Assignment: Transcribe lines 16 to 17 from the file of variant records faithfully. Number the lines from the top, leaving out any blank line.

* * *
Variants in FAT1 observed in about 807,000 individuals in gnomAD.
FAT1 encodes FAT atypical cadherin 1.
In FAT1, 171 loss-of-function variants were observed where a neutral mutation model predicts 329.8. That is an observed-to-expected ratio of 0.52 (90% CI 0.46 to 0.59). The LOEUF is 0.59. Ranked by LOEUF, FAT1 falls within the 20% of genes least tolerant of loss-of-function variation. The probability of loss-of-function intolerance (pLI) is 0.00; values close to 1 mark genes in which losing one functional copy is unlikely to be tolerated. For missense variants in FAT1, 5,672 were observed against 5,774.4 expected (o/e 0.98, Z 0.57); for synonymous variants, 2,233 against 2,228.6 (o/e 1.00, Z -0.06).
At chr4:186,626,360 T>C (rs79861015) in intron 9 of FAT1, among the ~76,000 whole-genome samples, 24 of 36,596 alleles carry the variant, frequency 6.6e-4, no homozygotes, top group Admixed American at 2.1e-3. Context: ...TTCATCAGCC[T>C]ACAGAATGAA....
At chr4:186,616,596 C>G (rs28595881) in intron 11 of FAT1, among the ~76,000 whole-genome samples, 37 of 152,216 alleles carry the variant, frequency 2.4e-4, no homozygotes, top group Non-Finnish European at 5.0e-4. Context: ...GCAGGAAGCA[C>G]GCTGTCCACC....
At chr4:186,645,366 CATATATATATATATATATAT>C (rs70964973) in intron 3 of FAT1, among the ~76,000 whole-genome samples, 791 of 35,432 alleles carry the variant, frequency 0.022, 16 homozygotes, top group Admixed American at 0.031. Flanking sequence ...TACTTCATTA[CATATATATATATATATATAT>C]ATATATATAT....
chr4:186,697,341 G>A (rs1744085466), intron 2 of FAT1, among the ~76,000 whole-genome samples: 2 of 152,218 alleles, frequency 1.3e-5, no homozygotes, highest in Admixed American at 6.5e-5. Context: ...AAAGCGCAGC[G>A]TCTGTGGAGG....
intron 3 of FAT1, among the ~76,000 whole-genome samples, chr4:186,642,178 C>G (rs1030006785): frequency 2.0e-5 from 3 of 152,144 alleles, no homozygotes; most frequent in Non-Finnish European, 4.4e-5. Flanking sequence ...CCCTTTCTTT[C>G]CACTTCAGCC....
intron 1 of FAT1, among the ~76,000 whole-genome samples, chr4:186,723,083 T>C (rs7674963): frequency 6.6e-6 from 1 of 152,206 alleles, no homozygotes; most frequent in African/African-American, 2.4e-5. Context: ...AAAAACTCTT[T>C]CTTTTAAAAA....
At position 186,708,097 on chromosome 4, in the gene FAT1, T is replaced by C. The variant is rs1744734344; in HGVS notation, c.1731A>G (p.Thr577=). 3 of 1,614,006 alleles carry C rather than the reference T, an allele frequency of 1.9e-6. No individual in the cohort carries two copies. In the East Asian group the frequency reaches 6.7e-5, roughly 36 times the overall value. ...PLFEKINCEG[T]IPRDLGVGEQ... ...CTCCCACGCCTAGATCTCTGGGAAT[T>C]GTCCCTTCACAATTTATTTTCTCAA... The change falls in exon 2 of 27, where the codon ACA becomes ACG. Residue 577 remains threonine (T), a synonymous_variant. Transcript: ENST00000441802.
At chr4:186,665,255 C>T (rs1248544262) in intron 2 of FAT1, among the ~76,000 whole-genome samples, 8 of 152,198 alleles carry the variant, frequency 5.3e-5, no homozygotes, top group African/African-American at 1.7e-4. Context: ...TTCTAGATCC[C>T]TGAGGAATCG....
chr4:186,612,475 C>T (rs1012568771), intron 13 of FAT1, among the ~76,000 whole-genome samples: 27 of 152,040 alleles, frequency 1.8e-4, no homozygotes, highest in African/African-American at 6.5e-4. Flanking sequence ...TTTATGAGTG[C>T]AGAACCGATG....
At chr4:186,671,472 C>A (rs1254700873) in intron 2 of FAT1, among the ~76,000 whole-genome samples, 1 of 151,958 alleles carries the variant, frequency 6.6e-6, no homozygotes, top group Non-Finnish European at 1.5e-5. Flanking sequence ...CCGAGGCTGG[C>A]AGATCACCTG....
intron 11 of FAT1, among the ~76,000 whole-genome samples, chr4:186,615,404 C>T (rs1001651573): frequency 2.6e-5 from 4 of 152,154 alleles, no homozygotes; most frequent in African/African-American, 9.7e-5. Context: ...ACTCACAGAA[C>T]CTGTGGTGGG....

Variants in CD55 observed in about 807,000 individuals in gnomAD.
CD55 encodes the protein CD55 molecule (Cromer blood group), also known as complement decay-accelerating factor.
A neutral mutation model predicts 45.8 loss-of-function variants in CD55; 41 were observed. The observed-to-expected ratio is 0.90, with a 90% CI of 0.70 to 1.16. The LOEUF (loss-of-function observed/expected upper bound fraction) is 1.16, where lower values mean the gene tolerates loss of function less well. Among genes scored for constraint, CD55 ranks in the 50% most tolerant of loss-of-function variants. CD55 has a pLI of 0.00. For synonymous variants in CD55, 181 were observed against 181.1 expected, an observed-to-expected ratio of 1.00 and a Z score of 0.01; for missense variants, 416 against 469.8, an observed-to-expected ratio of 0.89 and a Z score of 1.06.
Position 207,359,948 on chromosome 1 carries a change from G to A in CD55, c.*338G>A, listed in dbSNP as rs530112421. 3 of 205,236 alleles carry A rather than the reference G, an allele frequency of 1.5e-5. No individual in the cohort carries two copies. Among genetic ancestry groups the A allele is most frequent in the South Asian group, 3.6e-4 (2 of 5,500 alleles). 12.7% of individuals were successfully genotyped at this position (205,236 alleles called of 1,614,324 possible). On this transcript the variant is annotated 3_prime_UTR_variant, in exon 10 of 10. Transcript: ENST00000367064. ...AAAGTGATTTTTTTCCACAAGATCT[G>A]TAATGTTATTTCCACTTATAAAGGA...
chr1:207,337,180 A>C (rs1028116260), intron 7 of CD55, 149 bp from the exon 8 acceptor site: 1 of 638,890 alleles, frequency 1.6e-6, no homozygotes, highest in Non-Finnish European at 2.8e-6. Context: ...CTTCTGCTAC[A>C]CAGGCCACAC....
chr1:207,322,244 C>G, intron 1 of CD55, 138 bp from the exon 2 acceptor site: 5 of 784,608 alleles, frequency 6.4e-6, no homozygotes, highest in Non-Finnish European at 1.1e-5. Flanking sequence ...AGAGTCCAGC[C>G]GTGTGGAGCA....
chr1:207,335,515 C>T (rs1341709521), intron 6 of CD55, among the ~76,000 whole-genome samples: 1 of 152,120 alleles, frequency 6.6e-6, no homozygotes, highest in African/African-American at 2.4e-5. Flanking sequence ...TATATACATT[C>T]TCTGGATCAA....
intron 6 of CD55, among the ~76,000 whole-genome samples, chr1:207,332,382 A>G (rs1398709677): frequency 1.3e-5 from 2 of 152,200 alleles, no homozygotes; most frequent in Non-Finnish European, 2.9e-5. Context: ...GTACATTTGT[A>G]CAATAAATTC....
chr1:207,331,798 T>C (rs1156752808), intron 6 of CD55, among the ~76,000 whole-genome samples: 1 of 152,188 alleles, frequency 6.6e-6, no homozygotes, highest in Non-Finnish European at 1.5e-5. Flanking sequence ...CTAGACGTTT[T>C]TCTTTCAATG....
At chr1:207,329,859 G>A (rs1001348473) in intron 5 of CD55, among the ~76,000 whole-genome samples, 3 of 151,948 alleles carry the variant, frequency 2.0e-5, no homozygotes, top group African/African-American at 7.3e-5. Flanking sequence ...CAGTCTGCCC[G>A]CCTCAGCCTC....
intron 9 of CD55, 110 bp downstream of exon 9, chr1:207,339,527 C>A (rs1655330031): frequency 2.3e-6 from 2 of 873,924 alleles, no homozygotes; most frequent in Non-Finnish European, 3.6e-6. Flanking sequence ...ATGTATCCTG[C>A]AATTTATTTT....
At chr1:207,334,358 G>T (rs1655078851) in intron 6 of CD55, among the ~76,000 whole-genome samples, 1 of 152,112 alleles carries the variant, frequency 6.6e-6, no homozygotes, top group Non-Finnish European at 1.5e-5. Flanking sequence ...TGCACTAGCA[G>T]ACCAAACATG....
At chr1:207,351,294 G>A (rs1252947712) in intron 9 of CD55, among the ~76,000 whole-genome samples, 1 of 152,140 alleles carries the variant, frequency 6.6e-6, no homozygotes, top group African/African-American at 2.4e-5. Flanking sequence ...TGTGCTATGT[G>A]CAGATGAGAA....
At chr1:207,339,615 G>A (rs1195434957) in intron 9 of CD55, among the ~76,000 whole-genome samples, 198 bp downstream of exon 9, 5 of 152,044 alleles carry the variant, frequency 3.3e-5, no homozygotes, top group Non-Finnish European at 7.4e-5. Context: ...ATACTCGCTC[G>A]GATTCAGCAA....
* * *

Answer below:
CD55 encodes the protein CD55 molecule (Cromer blood group), also known as complement decay-accelerating factor.
A neutral mutation model predicts 45.8 loss-of-function variants in CD55; 41 were observed. The observed-to-expected ratio is 0.90, with a 90% CI of 0.70 to 1.16. The LOEUF (loss-of-function observed/expected upper bound fraction) is 1.16, where lower values mean the gene tolerates loss of function less well. Among genes scored for constraint, CD55 ranks in the 50% most tolerant of loss-of-function variants. CD55 has a pLI of 0.00. For synonymous variants in CD55, 181 were observed against 181.1 expected, an observed-to-expected ratio of 1.00 and a Z score of 0.01; for missense variants, 416 against 469.8, an observed-to-expected ratio of 0.89 and a Z score of 1.06.